Writing for the majority, Judge Stephen S. Trott reached back to a 1944 Supreme Court case that involved Tennessee coal miners and interpreted the Fair Labor Standards Act: “‘We are not here dealing with mere chattels or articles of trade but with the rights of those who toil, of those who sacrifice a full measure of their freedom and talents to the use and profit of others … Such a statute must not be interpreted or applied in a narrow, grudging manner.’”
Trott is hardly a liberal, having worked for years as a prosecutor in Los Angeles before President Ronald Reagan appointed him U.S. attorney for the Central District of California in 1981, and promoted him to be assistant attorney general, and then associate attorney general, the No. 3 person in the Justice Department. In 1987, Reagan appointed him to the 9th Circuit.
As detailed in a story published by the online investigative journalism site Fairwarning.org, Trott was especially pointed in the oral argument, likening Raimondo to a Mafioso threatening people, and “a serial killer” offering to rid employers of cases brought by farm hands who dared to question their working conditions.
With the trial approaching in 2011, Fresno lawyer Anthony Raimondo, representing Angelo Dairy, pulled an old and dirty trick, alerting U.S. Immigration and Customs Enforcement officials of the time and place Arias would appear at a deposition.
Raimondo, the 9th Circuit noted, stated in a declaration that it was his practice to investigate the immigration status of plaintiffs who have brought legal claims against his clients. The court cited a 2013 email in which Raimondo wrote: “The times when I have had litigants deported, I have always simply taken action rather than make any threats. The attorneys find out when their clients are already gone.”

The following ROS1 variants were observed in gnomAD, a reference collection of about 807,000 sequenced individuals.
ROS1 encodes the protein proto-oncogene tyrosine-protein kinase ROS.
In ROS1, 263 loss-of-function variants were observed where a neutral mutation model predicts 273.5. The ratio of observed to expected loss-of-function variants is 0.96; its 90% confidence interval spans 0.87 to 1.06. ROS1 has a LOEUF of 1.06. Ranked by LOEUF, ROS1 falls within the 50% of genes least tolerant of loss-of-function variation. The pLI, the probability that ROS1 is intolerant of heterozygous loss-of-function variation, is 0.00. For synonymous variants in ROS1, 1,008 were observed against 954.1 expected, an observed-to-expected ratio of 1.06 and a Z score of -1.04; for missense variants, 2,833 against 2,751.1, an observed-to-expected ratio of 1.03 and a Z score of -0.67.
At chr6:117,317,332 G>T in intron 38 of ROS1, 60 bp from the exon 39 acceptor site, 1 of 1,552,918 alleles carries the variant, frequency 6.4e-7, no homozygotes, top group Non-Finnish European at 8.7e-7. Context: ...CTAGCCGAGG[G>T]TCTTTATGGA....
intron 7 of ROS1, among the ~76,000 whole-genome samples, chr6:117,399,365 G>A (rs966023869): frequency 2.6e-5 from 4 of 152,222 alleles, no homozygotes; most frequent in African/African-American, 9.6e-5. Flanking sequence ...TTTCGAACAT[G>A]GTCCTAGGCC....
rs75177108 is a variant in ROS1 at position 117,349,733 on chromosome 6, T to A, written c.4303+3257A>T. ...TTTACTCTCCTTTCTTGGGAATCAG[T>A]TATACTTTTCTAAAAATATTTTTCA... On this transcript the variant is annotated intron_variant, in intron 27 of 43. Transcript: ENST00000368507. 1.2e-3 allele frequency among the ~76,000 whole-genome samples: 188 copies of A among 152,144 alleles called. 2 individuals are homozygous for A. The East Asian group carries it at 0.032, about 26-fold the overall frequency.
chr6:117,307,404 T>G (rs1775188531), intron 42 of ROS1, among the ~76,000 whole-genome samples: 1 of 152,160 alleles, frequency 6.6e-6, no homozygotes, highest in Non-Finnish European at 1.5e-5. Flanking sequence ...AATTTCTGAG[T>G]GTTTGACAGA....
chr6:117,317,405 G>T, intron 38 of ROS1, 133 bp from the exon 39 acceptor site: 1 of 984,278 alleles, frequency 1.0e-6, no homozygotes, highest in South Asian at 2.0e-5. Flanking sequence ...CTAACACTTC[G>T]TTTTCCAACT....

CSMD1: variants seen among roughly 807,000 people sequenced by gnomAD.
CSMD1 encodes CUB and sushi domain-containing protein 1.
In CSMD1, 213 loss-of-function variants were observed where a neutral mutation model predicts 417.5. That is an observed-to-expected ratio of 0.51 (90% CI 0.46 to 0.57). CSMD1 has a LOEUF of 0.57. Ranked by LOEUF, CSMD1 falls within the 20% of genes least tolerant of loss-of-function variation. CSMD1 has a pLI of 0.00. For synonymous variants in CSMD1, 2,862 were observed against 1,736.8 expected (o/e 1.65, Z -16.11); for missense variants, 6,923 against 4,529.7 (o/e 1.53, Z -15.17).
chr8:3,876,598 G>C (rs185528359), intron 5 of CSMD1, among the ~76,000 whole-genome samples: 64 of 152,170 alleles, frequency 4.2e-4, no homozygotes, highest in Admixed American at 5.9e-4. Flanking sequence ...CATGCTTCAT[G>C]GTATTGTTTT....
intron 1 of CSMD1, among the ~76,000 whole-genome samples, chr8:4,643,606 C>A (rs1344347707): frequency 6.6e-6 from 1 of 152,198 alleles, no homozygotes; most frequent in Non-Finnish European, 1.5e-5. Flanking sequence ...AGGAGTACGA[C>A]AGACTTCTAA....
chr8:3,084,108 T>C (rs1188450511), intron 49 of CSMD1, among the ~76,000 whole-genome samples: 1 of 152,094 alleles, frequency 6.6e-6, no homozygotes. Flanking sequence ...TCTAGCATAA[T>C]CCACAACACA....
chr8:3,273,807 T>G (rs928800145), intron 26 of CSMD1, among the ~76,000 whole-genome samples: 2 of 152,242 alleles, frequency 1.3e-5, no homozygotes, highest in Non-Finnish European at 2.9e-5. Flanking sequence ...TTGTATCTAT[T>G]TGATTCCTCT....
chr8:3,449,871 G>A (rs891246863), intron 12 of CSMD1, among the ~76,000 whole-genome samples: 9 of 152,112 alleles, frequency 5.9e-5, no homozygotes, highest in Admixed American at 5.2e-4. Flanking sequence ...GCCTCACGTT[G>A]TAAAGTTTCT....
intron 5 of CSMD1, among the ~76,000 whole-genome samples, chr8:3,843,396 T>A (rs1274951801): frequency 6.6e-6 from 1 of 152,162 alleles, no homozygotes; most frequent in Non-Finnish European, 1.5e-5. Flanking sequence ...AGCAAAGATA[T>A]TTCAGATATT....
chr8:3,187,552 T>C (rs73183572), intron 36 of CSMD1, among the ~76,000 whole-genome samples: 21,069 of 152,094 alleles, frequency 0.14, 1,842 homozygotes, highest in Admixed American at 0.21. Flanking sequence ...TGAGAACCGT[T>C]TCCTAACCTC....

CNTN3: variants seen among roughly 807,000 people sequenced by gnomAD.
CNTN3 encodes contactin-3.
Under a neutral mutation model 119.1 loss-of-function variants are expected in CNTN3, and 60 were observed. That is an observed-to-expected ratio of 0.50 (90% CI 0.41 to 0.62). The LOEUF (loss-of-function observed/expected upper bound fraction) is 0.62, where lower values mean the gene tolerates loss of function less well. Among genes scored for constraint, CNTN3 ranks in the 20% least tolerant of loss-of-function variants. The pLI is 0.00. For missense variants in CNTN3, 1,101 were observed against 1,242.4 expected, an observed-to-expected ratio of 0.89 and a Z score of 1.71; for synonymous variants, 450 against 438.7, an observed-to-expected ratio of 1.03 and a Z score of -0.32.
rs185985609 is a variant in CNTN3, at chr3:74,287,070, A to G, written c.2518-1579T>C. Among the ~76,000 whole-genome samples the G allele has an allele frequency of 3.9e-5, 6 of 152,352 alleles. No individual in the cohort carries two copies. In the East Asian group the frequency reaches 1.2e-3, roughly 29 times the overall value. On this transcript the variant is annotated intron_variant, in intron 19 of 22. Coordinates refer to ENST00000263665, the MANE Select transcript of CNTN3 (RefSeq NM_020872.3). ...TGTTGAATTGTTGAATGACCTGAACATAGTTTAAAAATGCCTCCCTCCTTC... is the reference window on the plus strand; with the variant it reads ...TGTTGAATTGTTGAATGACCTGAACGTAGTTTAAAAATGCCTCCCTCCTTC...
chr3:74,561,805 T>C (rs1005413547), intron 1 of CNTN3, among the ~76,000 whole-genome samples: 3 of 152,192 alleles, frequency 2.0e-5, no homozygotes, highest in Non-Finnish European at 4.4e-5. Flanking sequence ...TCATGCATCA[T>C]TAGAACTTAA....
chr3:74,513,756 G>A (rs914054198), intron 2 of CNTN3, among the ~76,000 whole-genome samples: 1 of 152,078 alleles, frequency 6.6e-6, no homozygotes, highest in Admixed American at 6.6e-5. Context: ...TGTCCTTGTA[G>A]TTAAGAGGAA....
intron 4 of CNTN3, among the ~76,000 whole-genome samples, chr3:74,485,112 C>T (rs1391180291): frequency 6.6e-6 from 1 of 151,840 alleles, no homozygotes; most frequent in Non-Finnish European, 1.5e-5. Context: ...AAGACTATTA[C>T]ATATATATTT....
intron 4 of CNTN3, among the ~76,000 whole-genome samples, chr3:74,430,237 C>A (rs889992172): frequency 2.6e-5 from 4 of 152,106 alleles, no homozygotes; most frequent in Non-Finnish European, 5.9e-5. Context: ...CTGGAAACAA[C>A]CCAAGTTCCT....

“I have never lost one moment of sleep. I didn’t do any of this for myself. I did it for my clients,” Raimondo told a Sacramento Bee editorial board member. Unlike others in the saga, Raimondo said, he broke no laws that were on the books at the time.
Arias since has gained legal residency. At the California Labor Federation’s behest, Mayor Darrell Steinberg, then leader of the California Senate, carried legislation, Senate Bill 666, in 2013 aimed in part at Raimondo, and declared that attorneys can lose their law licenses for calling immigration authorities to deport plaintiffs.
Arias vs. Raimondo is not over, however. Three weeks ago, Raimondo’s attorneys at the blue chip appellate firm Horvitz & Levy filed a petition asking that the U.S. Supreme Court hear the case; they expect employer groups will urge the high court to reverse the 9th Circuit. Perhaps the Trump administration will weigh in.
We hope not. We hope the justices, particularly Sacramento’s Justice Anthony Kennedy, understand the realities of work in the fields and dairies, and let stand the 9th Circuit decision. We hope that like Trott, the justices find that the Depression-era law that has served workers well must not be applied in a grudging manner.
And we hope that in this holiday season, Californians take a moment of grace to consider the struggles of people who put the food on their tables, and to think of all the José Arnulfo Ariases out there.